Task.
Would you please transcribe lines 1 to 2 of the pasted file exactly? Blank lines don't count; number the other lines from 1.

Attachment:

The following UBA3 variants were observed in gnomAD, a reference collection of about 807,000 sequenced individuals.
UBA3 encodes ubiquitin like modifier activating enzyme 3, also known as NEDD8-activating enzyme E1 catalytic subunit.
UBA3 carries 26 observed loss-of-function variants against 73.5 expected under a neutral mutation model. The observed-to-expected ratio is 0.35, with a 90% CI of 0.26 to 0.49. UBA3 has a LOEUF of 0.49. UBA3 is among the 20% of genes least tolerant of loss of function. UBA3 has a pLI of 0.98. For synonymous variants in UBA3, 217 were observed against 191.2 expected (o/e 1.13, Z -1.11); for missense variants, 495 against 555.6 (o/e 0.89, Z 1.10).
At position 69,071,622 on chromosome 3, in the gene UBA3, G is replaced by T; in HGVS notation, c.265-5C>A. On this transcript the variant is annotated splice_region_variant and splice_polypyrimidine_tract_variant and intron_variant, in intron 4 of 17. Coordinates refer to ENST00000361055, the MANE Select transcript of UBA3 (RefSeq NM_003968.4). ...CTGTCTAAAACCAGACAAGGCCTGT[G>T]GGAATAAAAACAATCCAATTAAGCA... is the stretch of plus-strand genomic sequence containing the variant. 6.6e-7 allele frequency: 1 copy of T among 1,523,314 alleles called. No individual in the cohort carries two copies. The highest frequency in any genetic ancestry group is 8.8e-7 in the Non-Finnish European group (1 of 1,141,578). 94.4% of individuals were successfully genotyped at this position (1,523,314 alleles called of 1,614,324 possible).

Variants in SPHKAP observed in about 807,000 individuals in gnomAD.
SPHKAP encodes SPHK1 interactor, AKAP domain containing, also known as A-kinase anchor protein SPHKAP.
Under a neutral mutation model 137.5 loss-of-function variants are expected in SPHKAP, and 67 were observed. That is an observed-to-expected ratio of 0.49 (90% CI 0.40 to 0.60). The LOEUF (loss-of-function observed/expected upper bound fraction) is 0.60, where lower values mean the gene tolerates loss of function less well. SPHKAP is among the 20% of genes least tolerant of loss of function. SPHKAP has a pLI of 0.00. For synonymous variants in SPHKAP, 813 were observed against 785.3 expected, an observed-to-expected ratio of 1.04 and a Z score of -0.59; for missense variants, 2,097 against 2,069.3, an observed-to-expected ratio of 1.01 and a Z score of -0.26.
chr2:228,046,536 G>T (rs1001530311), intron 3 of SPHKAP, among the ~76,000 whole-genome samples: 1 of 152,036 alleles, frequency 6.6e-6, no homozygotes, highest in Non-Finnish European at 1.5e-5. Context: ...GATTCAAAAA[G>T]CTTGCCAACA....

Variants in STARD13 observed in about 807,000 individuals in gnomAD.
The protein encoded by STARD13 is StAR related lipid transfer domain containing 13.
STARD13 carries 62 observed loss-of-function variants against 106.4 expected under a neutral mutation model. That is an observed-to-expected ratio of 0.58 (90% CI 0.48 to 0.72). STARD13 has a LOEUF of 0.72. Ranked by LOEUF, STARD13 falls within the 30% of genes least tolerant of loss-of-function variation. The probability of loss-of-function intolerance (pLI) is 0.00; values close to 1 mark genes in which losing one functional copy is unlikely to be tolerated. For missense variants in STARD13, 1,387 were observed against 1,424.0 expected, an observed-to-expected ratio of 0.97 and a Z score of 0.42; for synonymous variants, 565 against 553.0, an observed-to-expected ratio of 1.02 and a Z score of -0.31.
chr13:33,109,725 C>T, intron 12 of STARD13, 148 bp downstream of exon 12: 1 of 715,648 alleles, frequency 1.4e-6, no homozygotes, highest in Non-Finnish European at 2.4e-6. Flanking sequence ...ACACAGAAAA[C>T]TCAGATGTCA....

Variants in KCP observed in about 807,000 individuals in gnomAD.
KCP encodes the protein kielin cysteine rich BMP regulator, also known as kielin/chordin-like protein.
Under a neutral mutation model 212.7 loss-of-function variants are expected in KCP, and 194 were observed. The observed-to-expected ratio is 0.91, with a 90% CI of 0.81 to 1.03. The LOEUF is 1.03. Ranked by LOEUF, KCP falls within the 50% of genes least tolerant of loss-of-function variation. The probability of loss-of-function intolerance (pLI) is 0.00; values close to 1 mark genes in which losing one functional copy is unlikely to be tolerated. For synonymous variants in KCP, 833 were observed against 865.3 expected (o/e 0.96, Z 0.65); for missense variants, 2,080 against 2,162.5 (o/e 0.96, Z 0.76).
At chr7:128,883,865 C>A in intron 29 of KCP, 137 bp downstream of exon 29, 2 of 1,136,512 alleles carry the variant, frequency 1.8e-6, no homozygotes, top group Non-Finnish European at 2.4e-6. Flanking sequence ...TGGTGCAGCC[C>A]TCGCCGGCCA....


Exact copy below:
The following UBA3 variants were observed in gnomAD, a reference collection of about 807,000 sequenced individuals.
UBA3 encodes ubiquitin like modifier activating enzyme 3, also known as NEDD8-activating enzyme E1 catalytic subunit.